The common antidepressant Prozac melts away glioblastoma tumors in laboratory mice, suggesting possible treatment for the deadly cancer.
Neurosurgeon Michael Lim studies how to unleash the immune system to attack a type of brain cancer called glioblastoma.
A common ovarian cancer evades detection by convincing nearby immune cells to treat it as a developing fetus.
Stanford Medicine researchers conducted an experiment to find new genes that, when knocked out, boost immune cells' cancer-killing ability.
Stanford Medicine Scientists have devised a blood test to predict some cancer relapses after patients have already been treated.
A new way to deliver mRNA as a COVID-19 vaccine may avoid side effects and increase customization to prevent infection.
Anthony Oro is devoted to understanding the origin of basal cell carcinomas. Now he's found how some become resistant to a common treatment.
Induced pluripotent stem cells share proteins with some cancers. The cells can be used as a vaccine to prevent pancreatic cancers in mice.
As risk factors such as no health insurance and low income accumulate, colorectal cancer patients are less likely to finish chemotherapy.
Stanford Medicine researchers discover that certain proteins can predict survival for patients with a type of eye cancer.
'Resting' exhausted cancer-fighting immune cells enhances their tumor-killing activity, which may help people with blood and solid cancers.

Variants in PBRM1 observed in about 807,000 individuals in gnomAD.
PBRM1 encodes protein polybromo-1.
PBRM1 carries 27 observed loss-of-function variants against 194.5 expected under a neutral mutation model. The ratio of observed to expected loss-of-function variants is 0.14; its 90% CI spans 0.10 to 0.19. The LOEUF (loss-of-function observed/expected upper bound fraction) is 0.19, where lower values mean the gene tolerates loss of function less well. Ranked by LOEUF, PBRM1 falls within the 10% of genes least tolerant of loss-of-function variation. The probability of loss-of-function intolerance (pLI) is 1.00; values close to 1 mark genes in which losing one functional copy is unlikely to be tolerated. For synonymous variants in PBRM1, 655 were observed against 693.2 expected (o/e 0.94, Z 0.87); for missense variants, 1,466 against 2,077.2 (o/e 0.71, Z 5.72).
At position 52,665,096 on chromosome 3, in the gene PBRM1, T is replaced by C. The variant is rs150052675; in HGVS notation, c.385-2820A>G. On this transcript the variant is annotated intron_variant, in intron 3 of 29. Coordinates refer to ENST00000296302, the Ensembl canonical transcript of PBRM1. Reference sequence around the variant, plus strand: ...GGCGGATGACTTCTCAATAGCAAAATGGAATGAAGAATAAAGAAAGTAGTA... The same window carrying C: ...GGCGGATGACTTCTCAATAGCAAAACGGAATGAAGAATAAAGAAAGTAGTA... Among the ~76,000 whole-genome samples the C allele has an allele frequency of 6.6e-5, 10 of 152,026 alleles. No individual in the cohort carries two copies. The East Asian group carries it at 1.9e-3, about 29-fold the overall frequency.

A cancer survivor treated at Stanford has written a book to help kids facing stem cell transplant understand the procedure and approach it with courage.
People who have their first colonoscopy between the age of 45 and 49 halve their risk of subsequent colorectal cancers, a Stanford Medicine study has found.
Editor's update: Emily Ashkin is featured in a podcast from The Lasker Foundation. My legs were starting to ache from standing by my research poster …
Ovarian cancer genetic testing is underused and large gene panels lead to uncertain results, particularly for non-white patients, a Stanford Medicine study finds.
A Stanford-developed anti-cancer therapy currently in clinical trials may also reduce vascular inflammation in heart disease.